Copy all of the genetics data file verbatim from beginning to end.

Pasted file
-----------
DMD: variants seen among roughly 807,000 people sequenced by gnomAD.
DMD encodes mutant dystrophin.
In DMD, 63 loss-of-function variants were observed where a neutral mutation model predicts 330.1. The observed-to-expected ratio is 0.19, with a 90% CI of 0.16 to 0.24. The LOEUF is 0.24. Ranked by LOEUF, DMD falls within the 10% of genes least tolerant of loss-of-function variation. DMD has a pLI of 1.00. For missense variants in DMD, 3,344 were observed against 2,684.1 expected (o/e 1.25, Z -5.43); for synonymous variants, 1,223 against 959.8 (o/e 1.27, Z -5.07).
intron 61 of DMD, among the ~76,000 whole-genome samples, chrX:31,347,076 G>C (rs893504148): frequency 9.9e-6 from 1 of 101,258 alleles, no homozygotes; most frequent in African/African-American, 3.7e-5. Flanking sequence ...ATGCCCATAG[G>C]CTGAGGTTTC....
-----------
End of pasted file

DMD: variants seen among roughly 807,000 people sequenced by gnomAD.
DMD encodes mutant dystrophin.
In DMD, 63 loss-of-function variants were observed where a neutral mutation model predicts 330.1. The observed-to-expected ratio is 0.19, with a 90% CI of 0.16 to 0.24. The LOEUF is 0.24. Ranked by LOEUF, DMD falls within the 10% of genes least tolerant of loss-of-function variation. DMD has a pLI of 1.00. For missense variants in DMD, 3,344 were observed against 2,684.1 expected (o/e 1.25, Z -5.43); for synonymous variants, 1,223 against 959.8 (o/e 1.27, Z -5.07).
intron 61 of DMD, among the ~76,000 whole-genome samples, chrX:31,347,076 G>C (rs893504148): frequency 9.9e-6 from 1 of 101,258 alleles, no homozygotes; most frequent in African/African-American, 3.7e-5. Flanking sequence ...ATGCCCATAG[G>C]CTGAGGTTTC....